Sunday 12 July ~

Recent seasons have seen player loans become a fact of life at all levels of the professional game. They are an important part of managing playing budgets and squads, and provide a chance to bring in players from a higher level without paying a fee. As Bryan Gunn, Norwich City’s manager, put it: “A player from one of the elite clubs comes in to impress, to make sure he either goes back to that club and forces his way into the first team or has given himself an opportunity to better himself.” But are loans deals really a good thing?

Such deals are often presented as a chance to give a player first-team games or to kick-start his career. Jermain Defoe is an outstanding example of how this can work. He made one appearance for West Ham in 2000-01 and spent most of the next season at Bournemouth, making 29 appearances and scoring 18 goals. On his return his Hammers career was up and running with over 70 appearances in the next two seasons. Harry Redknapp summed it up: “I sent him to Bournemouth to get some experience playing League football and he’s coped marvellously.” But it doesn’t always work that way. When promising midfielder Mark Hughes went out on loan from Spurs, Chris Hughton commented that Hughes would make a career in football, the only question was at what level. Seven clubs and a couple of Northern Ireland caps later – with his most recent contract at Barnet – Hughes is still trying to answer that question.

A successful loan spell doesn’t always guarantee a happy ending. Jack Hobbs was an important part of Leicester City’s promotion winning defence, but if he returns to Liverpool, and despite Sami Hyypia leaving, it is by no means certain that he will have progressed up the pecking order. Chelsea’s England Under-19 left-back Ryan Bertrand is in a similar, but even more difficult, position after a personally successful couple of years at Norwich City.  Bertrand found himself behind Wayne Bridge and Ashley Cole; now Bridge has gone but so too have the manager and coach who agreed to his loan. A return to Stamford Bridge will involve establishing himself with a new managerial team. Setting Bertrand’s case in context, Gunn illustrated another aspect of the loan market when he commented to the Eastern Daily Post that last season’s 17 loan deals had been disruptive for the club, and was something not to be repeated next year.

It’s easy to see the attractions of the loan system for clubs, but it has more than a hint of unpredictability. Manchester United youngsters Fraizer Campbell and Manucho, who both now look like leaving Old Trafford, must have hoped for better from their spells at Spurs and Hull respectively. Instead, they have been usurped by the likes of Danny Welbeck and Federico Macheda. Last season my team, Oldham Athletic, took three loan strikers from Championship clubs and one from Hull City. They had over 1,500 appearances and 400 goals between them, but conjured up only two goals in 32 appearances. Unpredictability may be part of the appeal of sport, but a few goals towards promotion would have done nicely. Brian Simpson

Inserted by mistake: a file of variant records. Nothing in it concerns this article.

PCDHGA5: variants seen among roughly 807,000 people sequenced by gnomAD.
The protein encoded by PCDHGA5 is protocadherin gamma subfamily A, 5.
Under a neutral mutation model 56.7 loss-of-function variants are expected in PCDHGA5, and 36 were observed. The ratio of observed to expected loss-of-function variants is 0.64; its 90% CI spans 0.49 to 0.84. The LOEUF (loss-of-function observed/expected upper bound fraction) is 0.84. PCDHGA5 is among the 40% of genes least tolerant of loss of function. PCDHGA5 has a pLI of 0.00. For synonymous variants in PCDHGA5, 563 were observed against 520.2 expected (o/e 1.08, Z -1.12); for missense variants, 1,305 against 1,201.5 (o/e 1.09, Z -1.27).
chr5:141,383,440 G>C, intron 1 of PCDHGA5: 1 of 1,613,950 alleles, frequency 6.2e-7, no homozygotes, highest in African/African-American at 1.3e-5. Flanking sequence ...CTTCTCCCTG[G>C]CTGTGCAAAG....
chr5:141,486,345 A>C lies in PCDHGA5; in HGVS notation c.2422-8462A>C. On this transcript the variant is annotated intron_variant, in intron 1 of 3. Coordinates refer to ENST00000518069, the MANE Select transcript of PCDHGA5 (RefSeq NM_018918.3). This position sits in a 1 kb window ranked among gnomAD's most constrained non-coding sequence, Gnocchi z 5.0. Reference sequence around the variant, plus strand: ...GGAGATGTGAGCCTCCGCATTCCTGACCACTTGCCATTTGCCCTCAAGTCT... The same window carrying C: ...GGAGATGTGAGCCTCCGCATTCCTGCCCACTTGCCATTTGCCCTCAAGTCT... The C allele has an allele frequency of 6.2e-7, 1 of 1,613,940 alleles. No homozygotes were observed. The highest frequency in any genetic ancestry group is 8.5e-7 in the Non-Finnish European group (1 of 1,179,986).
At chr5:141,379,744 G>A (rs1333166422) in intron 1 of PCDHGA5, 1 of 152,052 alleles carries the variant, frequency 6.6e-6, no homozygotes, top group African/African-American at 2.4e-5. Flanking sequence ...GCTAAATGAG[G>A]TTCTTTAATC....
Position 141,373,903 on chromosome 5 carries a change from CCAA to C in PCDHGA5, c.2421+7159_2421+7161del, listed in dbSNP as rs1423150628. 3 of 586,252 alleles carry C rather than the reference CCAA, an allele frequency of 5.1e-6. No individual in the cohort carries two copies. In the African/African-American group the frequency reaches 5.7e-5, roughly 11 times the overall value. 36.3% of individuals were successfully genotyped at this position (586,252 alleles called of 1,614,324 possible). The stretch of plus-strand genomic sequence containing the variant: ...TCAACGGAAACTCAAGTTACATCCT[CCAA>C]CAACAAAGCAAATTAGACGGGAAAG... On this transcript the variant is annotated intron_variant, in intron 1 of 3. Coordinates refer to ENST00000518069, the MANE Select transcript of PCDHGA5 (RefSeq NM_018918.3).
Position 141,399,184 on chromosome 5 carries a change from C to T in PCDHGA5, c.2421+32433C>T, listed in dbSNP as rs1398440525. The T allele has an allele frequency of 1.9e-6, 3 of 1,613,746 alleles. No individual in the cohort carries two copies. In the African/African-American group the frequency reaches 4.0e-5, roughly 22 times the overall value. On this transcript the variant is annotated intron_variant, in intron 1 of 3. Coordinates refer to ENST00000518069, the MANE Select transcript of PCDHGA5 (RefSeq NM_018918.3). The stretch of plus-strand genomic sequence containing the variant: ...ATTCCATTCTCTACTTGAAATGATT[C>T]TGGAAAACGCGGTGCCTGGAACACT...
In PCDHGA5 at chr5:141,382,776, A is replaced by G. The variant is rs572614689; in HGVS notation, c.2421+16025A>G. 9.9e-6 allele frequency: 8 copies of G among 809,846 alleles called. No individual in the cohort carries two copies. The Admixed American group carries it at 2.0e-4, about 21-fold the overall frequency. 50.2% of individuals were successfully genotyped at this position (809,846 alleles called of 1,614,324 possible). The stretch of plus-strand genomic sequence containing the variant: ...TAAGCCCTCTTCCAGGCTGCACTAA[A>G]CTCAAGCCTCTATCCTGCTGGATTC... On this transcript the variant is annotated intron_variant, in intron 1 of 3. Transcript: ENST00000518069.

Comments (3)
Comment by Nil Arshavin 2009-07-12 12:16:08

Jack Hobbs signed permanently for Leicester at the end of April.

Comment by hullabaloo 2009-07-12 22:27:52

so, are we saying here that some loan deals are good for player and (loanee) club, and others not? didn't we already know that?

is this to say loan deals (in their current usage) are a good or bad thing? certainly it can't be right that a club can use 17 loan players in a season. But, as Gunn refers to, it hasn't really helped the club in question.

perhaps there should be two tiers of loan. 1) the traditional loan - ie, can we borrow your player for a few weeks cos we're short? type loan, and 2) the 'this-is-basically-a-full-signing-without-the-transfer-fee' loan that probably now covers the majority of intra-prem and prem to championship loans.

Comment by jackofalltrades 2009-07-13 16:34:23

Or what about the Leeds/Robbie Fowler type of loan, soon to be seen on a massive scale at Newcastle......another club takes the player and pays them say £5K per week directly, and the club incumbent with the contract make up the difference in wages for a player who'll probably never kick a ball for them again....Joey Barton springs to mind....hopefully....

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